The blueberry season is fantastic. Picking and storing blueberries is a fun and cost-effective family pastime, regardless of whether you have access to a nearby you-pick blueberry farm or grow your own blueberries on blueberry bushes. I find that many people who pick blueberries find themselves wondering how to preserve blueberries?
So… why would you want to preserve blueberries. In simple, if you have an abundance of them, preserving them will allow you to keep them year round! The best part is you can preserve blueberries in a ton of ways to stock your cupboard with food.
Blueberries are healthful and full of essential nutrients that can help you stay strong and fend against the impacts of environmental pollution. Blueberries, however, also have a relatively brief shelf life.
Therefore, knowing several preservation methods can help you save money and increase the size of your long-term food supply.
If you’re growing your own blueberries you might be interested in building a raised garden bed.
How to Preserve Blueberries
Can Your Blueberries
Canning blueberries is the finest method for keeping them fresh for a long period. Making blueberry jam is one of my favorite methods.
To have a sense of summer in the winter, you may also bake blueberry pie filling.
It’s simple to preserve blueberries for later use in other dishes by canning them with a little sugar, citric acid, or lemon juice.
Although some websites suggest canning blueberries using the raw pack method, I prefer the hot pack approach. Visit the USDA National Agriculture Library website to learn more about the variations between hot packing and raw packaging in canning.
Invest in a high-quality pressure canner if you’re serious about long-term food preservation. We have an All-American 30-quart.
Dehydrate Your Blueberries
It’s simple to dehydrate blueberries. It’s a useful strategy to utilize up berries that are damaged. Additionally, you may always have fruit on hand by dehydrating ripe blueberries without using valuable freezer space.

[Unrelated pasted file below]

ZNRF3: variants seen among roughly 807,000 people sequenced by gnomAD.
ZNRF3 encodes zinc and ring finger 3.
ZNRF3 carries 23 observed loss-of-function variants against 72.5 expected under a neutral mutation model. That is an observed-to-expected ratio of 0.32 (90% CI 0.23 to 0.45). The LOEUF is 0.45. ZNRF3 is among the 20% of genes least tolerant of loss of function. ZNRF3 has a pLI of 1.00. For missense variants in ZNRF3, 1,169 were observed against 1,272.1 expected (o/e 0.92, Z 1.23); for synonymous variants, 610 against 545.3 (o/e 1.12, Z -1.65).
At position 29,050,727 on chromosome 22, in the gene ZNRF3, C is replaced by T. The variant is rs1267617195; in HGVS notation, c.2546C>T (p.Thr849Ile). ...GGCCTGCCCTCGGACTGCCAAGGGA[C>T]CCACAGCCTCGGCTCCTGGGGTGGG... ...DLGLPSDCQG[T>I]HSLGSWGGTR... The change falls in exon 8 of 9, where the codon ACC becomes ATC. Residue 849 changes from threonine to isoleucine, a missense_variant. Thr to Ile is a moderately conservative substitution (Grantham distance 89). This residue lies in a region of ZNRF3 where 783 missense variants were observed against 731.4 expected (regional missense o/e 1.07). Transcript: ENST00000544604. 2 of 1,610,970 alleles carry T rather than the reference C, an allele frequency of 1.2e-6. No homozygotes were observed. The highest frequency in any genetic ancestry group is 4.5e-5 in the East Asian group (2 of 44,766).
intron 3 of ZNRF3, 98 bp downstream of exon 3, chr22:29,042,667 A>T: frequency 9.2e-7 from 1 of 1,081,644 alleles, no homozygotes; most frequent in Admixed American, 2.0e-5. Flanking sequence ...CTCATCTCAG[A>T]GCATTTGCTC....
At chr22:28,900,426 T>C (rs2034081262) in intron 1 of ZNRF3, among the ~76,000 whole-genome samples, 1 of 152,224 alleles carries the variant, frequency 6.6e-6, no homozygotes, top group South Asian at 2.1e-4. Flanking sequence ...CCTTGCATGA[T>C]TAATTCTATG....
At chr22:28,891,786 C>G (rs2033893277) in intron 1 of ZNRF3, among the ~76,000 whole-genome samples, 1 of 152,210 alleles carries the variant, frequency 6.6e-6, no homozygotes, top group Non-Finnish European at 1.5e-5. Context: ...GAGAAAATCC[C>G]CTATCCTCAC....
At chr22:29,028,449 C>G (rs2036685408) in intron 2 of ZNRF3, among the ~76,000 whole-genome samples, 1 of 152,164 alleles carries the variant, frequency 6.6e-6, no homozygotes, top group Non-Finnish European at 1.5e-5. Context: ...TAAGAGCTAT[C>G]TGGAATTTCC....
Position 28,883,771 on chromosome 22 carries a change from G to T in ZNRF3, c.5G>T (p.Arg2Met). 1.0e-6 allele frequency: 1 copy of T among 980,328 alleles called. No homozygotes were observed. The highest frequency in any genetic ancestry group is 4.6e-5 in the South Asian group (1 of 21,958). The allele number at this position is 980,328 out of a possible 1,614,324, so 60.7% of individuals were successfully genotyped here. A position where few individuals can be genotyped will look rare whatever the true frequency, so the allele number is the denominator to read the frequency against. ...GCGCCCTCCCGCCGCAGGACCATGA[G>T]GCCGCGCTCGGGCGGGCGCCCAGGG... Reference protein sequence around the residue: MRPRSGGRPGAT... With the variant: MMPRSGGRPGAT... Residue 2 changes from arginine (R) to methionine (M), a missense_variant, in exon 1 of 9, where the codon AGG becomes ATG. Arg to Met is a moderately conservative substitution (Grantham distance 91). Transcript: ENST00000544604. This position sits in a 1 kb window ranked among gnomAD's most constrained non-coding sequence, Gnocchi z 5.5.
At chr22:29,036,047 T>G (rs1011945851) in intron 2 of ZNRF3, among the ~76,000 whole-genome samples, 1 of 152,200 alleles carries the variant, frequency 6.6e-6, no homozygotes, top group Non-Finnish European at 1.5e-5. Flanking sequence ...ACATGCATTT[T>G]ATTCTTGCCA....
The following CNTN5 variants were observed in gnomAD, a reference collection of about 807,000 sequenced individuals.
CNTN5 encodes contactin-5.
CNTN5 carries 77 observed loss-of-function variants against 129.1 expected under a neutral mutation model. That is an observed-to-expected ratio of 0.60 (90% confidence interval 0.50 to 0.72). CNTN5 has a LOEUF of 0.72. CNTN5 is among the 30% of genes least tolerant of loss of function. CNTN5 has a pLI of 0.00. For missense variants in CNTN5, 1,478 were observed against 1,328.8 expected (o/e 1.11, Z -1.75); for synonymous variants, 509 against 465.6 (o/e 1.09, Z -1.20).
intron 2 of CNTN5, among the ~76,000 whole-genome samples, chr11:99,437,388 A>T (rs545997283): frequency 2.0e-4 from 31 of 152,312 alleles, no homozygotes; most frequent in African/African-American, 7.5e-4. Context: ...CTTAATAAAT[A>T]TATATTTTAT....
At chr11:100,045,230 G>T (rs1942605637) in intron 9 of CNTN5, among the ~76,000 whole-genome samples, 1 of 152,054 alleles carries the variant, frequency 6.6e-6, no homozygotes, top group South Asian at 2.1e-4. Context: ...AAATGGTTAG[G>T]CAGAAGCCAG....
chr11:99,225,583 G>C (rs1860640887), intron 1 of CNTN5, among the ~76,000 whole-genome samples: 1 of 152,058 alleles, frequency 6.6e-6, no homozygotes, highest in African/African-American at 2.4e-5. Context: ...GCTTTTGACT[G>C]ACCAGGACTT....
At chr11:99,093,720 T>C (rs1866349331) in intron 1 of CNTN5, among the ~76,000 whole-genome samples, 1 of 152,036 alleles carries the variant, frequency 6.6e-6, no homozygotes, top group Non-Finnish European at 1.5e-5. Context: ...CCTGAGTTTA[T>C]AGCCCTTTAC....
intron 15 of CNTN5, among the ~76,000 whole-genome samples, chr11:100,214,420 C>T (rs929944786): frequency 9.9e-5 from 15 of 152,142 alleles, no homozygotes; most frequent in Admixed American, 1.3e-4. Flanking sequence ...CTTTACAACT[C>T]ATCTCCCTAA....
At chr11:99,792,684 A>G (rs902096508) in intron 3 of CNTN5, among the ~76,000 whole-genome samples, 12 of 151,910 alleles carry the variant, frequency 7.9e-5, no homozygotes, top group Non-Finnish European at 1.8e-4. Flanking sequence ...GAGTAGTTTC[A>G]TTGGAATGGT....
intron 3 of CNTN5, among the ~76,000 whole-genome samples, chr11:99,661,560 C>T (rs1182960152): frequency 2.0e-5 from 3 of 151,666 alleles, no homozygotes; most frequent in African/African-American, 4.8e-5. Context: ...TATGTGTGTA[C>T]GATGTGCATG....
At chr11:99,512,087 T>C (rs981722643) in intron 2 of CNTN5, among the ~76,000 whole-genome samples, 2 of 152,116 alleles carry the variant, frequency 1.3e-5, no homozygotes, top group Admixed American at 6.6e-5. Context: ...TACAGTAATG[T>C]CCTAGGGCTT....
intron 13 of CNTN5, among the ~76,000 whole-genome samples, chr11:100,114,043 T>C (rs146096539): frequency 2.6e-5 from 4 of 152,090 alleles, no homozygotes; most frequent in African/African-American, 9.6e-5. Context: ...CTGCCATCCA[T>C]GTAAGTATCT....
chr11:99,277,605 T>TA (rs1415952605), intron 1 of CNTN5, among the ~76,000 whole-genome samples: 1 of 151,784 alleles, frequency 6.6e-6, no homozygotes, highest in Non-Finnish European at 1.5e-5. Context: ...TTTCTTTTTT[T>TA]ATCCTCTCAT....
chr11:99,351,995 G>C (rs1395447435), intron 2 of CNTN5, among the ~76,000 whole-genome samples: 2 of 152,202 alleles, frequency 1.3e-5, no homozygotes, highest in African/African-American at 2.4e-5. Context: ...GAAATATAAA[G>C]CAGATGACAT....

Dan purchased pounds of blueberries at a discount near the conclusion of the blueberry season, and we did this the previous year. However, we gather wild blueberries in the forests in our region of the planet. (Of course, keeping a close eye out for bears.)
Wash your blueberries in cold water first to start the dehydrating process. After that, gently split the skins.
The simplest way to do this is to give each one a few toothpicks or fork pricks. This enables moisture from your berries to evaporate through the barrier skin.
When it comes to blueberries, some people blanch them, but I find that a little poke will do just fine. Give your blueberries plenty of room to breathe as you spread them out on the dehydrator tray in a single layer.
I’m saving for a new dehydrator while we’re talking about them. I also have my eye on the Exalibur 9 Tray Dehydrator.
The airflow distance will expand as they dry, so you just need to leave a few openings around the tray to maintain the spacing.
Blueberries could also be dried in your oven.
Dehydrate for 16 to 20 hours at 135 degrees. Pinching your blueberries between your thumb and forefinger should produce a powdery texture. These can be powdered, added to meals and beverages, added to trail mix, and used in baking.
Freeze Your Blueberries
The simplest method for preserving blueberries is to place them in the freezer, provided you have the space. Follow these detailed instructions.
Blueberries should be washed in cold water and dried on a fresh towel.
Then, spread them out in a single layer on a prepared cookie sheet (a rimmed baking sheet works well for this because it prevents the cookies from sliding off!)
Before transferring the blueberries to an airtight freezer-safe container or quart-size freezer bags, keep them in the freezer for 2-4 hours. To avoid freezer burn, double bag them. When you’re ready, you can take out as many as you need.
Make Blueberry Syrup
A pressure canner or water bath canner may not be available to everyone. Some individuals simply don’t care about water bath canning, worrying about a hot jar, needing an additional inch of headspace, or figuring out how to calculate a 7-quart canner load.
If this describes you, you might want to make blueberry syrup. It’s a tasty, traditional recipe that works well in place of homemade or maple syrup for pancakes.
Replace 2 cups of sugar with stevia for an extra-light syrup.
Advice: package this up pretty and give it as a present. Additionally, blueberry vinegar is a lovely gift and goes well with a berry salad. If you don’t want to have to make your own blueberry syrup, this 100% natural one is our go-to!
Freeze Dry Your Blueberries
I have noticed more and more articles regarding freeze-drying food over the past few years. So it would be wise to learn how to freeze-dried blueberries. To be honest, I haven’t yet attempted this method of blueberry preservation out of the several that exist.
I’m now reading up on freeze dryer buying tips, and I’ll have an article ready in a few weeks.
Try Blueberry Wine
Discover how to create blueberry wine at home to keep ripe blueberries from going bad!
The Home Winemaker’s Companion has numerous mouthwatering-sounding recipes for handmade berry wines. A thorough lesson on making homemade blueberry wine and other berry wines is included.
So those are the seven methods for preserving blueberries. Which will you test out first?
Why not try them all if you’re feeling daring? The blueberry season may have ended. Or perhaps it’s right around the corner. However, that does not preclude you from savoring these delectable berries all year round.
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